It started with a tweet (I think). A tweet that, as of this evening, has 22.5 thousand likes. I couldn’t coax twitter into showing me the number of responses, but quite a few of my friends tweeted their accomplishments, and it’s even filtered over onto Facebook. People are sharing what’s mattered most to them since 2010.
So, uh, I decided to use the tweet as a point of departure for this blog post.
So, without further ado, here’s a brief summary of what I’ve done since 2010.
The husband and I got two kids into and out of high school. They’re both in college now. The house is quiet. I’m beyond proud of them.
We brought Burnsie home about seven years ago. Ed-the-dog joined him about three years later. I discovered I’ve secretly been a dog person all along.
I left the employer I’d been with for 20+ years to go to work for UWMC. They think I’ve been with them ten years; I’m pretty sure it’s only nine. Either way, I still love taking care of babies.
I transitioned from church musician & front person for a cover band to author. I decided I’d sung all the songs I needed to sing – although if you wanna go to karaoke some night, I’m down.
At the risk of turning myself into a stereotype, I have discovered a deep-seated belief in democracy. Unfortunate that it took an existential threat to prompt this discovery. If you need me, I’m writing #postcardstovoters or getting ready for another demonstration.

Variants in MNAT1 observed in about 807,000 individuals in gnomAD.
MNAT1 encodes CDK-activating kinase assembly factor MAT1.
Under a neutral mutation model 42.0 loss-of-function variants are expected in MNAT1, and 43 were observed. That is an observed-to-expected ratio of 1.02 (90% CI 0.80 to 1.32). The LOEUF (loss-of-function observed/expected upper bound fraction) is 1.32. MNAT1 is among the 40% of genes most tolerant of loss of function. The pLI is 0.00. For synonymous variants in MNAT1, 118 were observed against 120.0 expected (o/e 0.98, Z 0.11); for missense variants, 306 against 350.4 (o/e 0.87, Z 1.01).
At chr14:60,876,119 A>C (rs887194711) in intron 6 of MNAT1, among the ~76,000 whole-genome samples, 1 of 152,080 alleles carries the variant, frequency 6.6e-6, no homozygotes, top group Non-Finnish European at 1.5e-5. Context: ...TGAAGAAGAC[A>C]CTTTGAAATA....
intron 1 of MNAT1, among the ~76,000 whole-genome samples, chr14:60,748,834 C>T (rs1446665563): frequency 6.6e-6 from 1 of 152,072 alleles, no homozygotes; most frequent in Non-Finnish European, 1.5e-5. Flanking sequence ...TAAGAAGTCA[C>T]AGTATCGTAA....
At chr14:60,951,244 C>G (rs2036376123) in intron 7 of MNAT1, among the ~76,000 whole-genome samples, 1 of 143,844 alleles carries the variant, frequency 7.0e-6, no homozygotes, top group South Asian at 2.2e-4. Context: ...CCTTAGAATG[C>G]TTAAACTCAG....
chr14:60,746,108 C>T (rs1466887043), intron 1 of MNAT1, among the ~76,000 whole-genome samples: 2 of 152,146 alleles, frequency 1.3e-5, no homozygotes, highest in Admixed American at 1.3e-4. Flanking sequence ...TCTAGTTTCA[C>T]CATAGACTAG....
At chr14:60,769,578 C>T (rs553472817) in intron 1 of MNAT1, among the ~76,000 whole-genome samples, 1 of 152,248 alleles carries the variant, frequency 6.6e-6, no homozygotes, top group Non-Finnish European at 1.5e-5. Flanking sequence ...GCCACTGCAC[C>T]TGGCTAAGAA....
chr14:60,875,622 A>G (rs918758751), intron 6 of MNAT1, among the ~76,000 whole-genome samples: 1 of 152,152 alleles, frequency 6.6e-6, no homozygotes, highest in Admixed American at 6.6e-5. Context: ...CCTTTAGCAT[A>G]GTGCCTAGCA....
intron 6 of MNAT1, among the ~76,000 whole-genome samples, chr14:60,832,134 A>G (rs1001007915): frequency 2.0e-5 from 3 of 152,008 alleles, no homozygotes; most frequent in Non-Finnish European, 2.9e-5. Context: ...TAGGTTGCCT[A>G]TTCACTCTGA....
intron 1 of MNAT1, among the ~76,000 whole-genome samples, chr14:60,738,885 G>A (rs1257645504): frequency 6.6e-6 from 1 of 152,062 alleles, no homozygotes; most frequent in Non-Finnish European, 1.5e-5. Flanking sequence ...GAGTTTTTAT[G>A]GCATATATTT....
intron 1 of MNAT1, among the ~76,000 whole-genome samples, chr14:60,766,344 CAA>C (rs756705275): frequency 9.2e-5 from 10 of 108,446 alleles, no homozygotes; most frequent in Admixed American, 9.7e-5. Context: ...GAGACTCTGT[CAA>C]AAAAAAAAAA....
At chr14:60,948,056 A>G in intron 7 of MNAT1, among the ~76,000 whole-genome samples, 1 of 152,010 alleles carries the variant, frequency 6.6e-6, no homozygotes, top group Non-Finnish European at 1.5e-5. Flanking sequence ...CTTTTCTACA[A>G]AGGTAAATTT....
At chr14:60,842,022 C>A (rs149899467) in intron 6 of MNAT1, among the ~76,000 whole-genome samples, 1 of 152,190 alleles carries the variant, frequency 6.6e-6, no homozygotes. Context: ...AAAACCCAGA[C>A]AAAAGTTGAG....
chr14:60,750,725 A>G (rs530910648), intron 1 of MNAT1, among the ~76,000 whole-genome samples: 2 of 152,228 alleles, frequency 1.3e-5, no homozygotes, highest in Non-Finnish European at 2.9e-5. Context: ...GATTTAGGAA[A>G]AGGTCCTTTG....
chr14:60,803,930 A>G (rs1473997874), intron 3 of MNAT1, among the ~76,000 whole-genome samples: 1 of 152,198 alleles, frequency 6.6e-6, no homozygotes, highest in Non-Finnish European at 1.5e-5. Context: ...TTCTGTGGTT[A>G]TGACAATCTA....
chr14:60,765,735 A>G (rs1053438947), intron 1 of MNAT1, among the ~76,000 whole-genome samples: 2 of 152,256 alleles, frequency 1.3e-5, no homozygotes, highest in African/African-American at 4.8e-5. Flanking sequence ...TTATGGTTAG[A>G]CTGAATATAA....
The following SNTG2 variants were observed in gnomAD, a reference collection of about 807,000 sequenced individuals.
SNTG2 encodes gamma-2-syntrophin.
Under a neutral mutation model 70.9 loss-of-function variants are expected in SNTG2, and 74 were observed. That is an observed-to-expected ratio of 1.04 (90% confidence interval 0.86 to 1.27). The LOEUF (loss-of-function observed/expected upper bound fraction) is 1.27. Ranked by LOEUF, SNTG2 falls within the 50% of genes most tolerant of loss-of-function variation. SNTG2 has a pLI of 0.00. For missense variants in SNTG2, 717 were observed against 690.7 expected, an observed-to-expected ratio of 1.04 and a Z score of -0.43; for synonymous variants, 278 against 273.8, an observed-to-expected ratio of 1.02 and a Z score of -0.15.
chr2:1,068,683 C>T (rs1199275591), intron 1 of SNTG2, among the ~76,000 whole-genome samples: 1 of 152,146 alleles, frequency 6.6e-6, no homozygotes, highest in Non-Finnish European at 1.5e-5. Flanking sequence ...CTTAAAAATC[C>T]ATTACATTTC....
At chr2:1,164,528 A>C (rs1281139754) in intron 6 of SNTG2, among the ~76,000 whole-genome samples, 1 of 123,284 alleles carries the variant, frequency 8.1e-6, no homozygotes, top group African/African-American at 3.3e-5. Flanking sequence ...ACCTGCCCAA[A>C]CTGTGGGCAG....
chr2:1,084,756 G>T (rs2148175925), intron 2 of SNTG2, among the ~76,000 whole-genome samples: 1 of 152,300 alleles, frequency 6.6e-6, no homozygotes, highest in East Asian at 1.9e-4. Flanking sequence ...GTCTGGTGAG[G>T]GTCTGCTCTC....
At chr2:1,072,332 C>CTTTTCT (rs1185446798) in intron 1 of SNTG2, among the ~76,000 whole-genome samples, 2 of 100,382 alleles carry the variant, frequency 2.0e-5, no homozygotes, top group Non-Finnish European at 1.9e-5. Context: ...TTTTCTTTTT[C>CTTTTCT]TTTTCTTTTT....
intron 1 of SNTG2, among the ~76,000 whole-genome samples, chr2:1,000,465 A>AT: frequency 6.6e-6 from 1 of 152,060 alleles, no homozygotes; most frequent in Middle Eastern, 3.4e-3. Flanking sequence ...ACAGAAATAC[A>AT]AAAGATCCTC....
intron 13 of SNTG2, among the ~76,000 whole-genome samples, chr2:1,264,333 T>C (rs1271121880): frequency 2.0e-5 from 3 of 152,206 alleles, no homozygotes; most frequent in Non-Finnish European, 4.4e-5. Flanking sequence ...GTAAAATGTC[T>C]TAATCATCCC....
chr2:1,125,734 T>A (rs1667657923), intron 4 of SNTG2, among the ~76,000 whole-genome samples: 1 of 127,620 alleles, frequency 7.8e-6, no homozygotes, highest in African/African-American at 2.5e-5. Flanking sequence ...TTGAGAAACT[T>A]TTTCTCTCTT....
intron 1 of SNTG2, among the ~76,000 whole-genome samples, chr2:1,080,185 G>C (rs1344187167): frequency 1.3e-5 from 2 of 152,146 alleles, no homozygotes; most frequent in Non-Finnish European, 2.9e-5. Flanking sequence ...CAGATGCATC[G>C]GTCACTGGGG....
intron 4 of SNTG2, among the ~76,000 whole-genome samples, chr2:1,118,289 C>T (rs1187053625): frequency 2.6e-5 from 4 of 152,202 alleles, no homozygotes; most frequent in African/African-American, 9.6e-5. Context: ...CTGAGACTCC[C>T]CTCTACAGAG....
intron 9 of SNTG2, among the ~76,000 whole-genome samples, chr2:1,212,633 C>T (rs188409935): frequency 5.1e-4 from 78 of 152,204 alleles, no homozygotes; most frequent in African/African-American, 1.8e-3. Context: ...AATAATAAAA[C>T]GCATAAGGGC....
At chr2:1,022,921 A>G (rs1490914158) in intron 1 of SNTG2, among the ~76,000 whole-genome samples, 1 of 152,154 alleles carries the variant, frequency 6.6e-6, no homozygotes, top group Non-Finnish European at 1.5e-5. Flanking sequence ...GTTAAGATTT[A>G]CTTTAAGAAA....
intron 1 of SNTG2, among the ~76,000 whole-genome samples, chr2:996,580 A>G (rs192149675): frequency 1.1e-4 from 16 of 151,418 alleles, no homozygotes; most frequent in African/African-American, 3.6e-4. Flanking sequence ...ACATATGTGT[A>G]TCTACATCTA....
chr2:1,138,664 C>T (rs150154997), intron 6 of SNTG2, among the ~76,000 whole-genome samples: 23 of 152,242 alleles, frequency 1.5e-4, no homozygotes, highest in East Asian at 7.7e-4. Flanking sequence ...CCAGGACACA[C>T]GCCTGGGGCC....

I always knew I was going to be a writer when I grew up, and while it took me almost 50 years, I published my first novella in January of 2012. Since then, I’ve published six novels, five novellas, and nine or ten short stories. Two of the novels and two of the novellas were co-written with Irene Preston, and I’d count her friendship as another accomplishment all on its own.
I’ve lived in the same house with the same husband for over twenty years now, and we’re ready for many, many more. I’m a lucky girl.
ETA….I also changed hair color rather substantially… (A couple years ago I wrote a post about letting my hair go gray. Here’s a link.)
In the interest of getting back to my NaNoWriMo project, I’m going to end here. I hope you enjoy the last few weeks of 2019, and that the ’20s give you all the reasons to dance!
Back in 2015 – yikes! I’ve been blogging here for along time – I made a post called Ten Good Vampire Books. At some point along the way, that post got caught up in Google’s SEO magic algorithms and it’s had more views in 2019 than it had the year it was published.
At any rate, when I sat down to write this post, I planned to make an updated version of the old post, except almost immediately I ran into a problem. I haven’t been keeping up on the vampire literature.
In part, that’s because I have a vampire of my own. Thaddeus Dupont is 100 years old, and he was a monk before he was turned back in 1925. He and his boyfriend Sarasija Mishra appear in the Hours of the Night series I co-write with Irene Preston. (Jump HERE to learn more about Vespers, book 1 in the series.)